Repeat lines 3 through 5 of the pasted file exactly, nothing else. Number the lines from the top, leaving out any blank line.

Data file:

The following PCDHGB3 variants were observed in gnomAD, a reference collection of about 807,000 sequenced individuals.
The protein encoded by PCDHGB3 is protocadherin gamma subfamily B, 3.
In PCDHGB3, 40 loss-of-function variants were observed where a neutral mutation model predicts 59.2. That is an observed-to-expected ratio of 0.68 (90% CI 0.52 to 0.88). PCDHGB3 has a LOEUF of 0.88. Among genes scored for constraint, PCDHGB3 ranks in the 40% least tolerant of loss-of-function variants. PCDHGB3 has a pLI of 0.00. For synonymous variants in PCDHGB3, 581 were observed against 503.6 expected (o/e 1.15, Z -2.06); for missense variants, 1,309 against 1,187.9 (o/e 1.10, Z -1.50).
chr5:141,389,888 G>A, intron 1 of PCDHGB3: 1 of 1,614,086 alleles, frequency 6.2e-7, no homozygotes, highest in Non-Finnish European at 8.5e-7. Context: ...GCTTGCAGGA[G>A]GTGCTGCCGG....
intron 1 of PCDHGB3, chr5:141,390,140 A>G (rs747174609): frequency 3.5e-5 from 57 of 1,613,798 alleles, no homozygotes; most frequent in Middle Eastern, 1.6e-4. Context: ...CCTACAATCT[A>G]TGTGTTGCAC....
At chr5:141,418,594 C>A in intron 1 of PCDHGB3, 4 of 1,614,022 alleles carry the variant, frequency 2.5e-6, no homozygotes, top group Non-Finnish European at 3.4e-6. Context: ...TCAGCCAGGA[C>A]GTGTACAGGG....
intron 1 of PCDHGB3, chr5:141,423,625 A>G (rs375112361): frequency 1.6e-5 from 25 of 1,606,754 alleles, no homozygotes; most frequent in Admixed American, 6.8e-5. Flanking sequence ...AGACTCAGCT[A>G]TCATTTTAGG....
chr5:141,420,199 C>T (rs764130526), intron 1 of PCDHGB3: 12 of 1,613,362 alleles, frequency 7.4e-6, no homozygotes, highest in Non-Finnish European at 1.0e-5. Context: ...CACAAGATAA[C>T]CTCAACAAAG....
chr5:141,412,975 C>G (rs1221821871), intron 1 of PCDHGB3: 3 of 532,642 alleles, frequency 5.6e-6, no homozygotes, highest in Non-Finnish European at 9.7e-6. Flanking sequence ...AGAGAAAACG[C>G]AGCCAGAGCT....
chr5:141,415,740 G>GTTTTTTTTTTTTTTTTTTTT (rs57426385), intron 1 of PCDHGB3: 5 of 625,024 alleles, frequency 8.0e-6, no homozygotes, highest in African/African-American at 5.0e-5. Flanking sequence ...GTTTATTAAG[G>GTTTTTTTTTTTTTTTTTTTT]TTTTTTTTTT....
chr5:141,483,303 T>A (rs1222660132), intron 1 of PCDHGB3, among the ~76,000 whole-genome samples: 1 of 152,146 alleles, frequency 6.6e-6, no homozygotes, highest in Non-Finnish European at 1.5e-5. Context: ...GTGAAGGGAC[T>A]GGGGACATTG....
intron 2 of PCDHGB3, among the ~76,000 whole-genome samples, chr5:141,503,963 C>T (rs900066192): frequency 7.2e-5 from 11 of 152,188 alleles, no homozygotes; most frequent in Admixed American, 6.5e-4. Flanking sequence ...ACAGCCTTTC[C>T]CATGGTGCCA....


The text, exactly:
In PCDHGB3, 40 loss-of-function variants were observed where a neutral mutation model predicts 59.2. That is an observed-to-expected ratio of 0.68 (90% CI 0.52 to 0.88). PCDHGB3 has a LOEUF of 0.88. Among genes scored for constraint, PCDHGB3 ranks in the 40% least tolerant of loss-of-function variants. PCDHGB3 has a pLI of 0.00. For synonymous variants in PCDHGB3, 581 were observed against 503.6 expected (o/e 1.15, Z -2.06); for missense variants, 1,309 against 1,187.9 (o/e 1.10, Z -1.50).
chr5:141,389,888 G>A, intron 1 of PCDHGB3: 1 of 1,614,086 alleles, frequency 6.2e-7, no homozygotes, highest in Non-Finnish European at 8.5e-7. Context: ...GCTTGCAGGA[G>A]GTGCTGCCGG....
intron 1 of PCDHGB3, chr5:141,390,140 A>G (rs747174609): frequency 3.5e-5 from 57 of 1,613,798 alleles, no homozygotes; most frequent in Middle Eastern, 1.6e-4. Context: ...CCTACAATCT[A>G]TGTGTTGCAC....